Economy Minister Martín Guzmán held in New York what he called "strategic meetings" with bank executives and investment funds that hold Argentine bonds under foreign law. Despite the total official secrecy, it was reported that representatives of BlackRock, Templeton, Pimco, Gramercy, Greylock, Fidelity, Morgan Stanley, Bank of American, Citibank and JP Morgan attended the meeting. Alberto Fernández' government is planning to determine next week the final structure of the sovereign debt restructuring offer.
Argentina Minister of Economy Martín Guzmán, meets today in New York with representatives of banks and investment funds holding sovereign bonds regulated under foreign law. The meeting follows another held yesterday in Washington with the Deputy Director of the Western Hemisphere Department of the International Monetary Fund (IMF), Julie Kozack, and the head of the Argentine mission, the Venezuelan Luis Cubeddu, both members of the technical mission that visited Buenos Aires last week.
The International Monetary Fund won’t offer Argentina a haircut on its $44 billion loan, according to Managing Director Kristalina Georgieva. “Our legal construct is such that we cannot do measures that may be possible for others without this big global responsibility,” she said. An IMF technical mission is in Buenos Aires through Feb. 19 to meet with Argentina officials and assess the country’s debt sustainability. Talks with the IMF will be key for an even bigger negotiation with bondholders to avoid a default.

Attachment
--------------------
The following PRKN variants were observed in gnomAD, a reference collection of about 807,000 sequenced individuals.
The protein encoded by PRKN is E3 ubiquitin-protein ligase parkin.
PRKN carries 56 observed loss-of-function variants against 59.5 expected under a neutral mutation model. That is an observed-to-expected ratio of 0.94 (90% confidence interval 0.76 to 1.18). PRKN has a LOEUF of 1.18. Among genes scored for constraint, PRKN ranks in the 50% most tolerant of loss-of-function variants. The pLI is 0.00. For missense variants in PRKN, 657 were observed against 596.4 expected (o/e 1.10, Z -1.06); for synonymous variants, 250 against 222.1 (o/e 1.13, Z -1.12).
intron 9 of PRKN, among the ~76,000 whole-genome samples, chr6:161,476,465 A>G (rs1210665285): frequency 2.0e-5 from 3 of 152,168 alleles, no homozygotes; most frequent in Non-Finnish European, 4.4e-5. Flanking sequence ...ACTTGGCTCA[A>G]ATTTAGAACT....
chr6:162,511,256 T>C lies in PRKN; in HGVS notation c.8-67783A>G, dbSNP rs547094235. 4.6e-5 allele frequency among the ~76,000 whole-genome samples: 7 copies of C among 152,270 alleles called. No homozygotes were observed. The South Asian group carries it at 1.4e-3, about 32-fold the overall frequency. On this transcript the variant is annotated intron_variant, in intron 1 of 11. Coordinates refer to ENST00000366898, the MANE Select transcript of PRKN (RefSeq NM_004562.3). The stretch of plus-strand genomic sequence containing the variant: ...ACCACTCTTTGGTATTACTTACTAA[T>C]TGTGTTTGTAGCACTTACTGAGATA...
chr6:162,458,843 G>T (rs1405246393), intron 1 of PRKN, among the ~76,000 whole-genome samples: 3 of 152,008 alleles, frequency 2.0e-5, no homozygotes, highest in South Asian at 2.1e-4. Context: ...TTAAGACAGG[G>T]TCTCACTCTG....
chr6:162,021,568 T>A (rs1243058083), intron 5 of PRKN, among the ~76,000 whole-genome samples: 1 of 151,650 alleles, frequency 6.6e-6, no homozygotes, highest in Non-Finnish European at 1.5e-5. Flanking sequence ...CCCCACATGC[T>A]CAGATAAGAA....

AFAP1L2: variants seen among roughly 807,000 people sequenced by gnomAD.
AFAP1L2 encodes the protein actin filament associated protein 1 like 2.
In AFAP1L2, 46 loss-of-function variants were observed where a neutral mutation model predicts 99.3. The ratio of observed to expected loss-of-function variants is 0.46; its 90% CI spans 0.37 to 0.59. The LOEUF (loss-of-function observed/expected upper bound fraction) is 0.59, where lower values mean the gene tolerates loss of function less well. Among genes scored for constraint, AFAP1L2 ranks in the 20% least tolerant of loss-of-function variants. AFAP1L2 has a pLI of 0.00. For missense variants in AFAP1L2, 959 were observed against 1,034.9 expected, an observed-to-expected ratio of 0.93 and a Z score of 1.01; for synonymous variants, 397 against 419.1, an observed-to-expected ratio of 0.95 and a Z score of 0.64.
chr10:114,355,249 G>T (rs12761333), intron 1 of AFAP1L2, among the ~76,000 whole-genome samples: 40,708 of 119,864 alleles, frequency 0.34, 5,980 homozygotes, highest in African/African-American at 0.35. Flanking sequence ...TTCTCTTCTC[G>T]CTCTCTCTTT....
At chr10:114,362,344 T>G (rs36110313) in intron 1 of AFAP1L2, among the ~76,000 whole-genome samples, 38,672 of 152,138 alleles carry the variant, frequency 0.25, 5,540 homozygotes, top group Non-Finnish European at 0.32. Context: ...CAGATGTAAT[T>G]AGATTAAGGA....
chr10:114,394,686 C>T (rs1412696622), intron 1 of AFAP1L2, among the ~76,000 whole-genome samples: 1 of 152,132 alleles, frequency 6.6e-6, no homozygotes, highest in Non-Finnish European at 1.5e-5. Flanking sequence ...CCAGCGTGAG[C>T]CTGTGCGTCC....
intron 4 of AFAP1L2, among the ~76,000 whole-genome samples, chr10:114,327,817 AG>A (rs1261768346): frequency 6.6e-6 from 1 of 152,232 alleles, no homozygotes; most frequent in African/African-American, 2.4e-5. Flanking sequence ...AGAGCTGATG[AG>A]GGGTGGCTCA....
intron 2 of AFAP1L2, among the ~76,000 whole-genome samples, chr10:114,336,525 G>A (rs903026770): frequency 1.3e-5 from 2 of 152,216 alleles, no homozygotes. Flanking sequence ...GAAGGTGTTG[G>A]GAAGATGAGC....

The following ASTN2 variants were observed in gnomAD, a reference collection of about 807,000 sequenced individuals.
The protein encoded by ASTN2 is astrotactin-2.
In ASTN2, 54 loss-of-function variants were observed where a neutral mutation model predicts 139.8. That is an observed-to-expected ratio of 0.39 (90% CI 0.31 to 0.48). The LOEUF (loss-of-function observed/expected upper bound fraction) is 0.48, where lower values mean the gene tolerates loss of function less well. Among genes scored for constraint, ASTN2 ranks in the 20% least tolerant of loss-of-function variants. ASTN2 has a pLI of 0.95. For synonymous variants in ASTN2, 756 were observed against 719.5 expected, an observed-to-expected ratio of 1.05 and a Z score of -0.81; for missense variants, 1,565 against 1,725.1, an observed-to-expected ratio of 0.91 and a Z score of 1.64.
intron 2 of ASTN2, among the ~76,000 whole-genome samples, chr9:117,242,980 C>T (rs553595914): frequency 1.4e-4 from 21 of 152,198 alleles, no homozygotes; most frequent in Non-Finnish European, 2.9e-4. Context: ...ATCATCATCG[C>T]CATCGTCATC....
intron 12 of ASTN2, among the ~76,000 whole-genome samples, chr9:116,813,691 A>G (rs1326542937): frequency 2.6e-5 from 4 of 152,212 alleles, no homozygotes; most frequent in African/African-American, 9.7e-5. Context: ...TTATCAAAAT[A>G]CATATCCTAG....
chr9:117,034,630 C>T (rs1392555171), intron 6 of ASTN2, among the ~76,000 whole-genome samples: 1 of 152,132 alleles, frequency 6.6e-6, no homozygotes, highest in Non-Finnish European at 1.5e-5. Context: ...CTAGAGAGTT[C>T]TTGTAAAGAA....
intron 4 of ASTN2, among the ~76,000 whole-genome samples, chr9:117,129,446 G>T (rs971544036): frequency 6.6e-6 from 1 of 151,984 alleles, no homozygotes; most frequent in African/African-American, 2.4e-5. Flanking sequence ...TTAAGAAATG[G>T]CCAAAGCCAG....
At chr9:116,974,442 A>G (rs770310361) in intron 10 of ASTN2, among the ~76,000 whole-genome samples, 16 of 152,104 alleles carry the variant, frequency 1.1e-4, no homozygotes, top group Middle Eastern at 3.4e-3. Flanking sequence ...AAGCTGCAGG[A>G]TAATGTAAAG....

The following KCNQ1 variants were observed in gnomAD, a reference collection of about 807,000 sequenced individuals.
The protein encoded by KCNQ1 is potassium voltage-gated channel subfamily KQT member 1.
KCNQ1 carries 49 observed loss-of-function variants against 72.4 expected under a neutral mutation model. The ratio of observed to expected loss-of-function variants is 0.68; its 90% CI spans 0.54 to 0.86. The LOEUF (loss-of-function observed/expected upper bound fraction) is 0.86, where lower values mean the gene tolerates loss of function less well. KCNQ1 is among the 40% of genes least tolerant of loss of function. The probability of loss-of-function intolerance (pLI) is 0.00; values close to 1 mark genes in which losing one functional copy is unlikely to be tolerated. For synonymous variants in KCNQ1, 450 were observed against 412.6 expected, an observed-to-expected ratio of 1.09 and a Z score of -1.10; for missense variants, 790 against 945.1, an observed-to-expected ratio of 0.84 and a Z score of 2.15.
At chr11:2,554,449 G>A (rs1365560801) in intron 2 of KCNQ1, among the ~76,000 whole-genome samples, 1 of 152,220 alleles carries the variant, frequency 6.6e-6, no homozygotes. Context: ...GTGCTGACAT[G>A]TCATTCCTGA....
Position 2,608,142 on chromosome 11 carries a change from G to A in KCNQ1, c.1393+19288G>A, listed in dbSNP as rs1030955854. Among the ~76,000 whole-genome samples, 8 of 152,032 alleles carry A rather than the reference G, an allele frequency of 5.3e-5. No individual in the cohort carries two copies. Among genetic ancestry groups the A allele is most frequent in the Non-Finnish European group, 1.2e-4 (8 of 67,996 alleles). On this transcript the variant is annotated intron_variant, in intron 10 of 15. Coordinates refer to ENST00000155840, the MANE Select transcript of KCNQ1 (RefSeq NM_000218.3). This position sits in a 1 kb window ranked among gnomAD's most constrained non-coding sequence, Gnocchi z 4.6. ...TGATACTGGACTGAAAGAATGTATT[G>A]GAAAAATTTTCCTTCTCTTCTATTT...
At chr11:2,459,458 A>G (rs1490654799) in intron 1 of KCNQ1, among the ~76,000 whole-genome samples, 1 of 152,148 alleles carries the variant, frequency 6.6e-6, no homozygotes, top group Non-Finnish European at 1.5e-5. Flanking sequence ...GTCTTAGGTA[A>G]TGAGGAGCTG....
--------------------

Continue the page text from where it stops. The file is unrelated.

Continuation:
Argentina’s economy minister, Martín Guzmán, warned bondholders to brace for significant losses as the country restructures its debt "focused on sustainability" amid an economic crisis. His comments at a congressional hearing on Wednesday set the tone for tense negotiations with sovereign debt bondholders, among them major investment funds such as BlackRock and Fidelity. He also said the government won't reduce its fiscal deficit in 2020.
The Government of the province of Buenos Aires proposed today to pay 30% of the bond capital due on January 26 ($ 75 million) and defer the remaining 70% to May 1. Bondholders will also receive the interest corresponding to that postponed capital, if at least 75% of them accept the terms before this Tuesday.
Veteran restructuring lawyer Dennis Hranitzky is building up an Argentina bondholder group of about 20 funds focused on 2005 and 2010 debt exchanges notes. Hranitzky, who helped hedge fund billionaire Paul Singer win a 15-year bond battle against Argentina, joined Quinn Emanuel Urquhart & Sullivan last week. Argentina’s gross debt load stands at $332 billion, including loans from the IMF.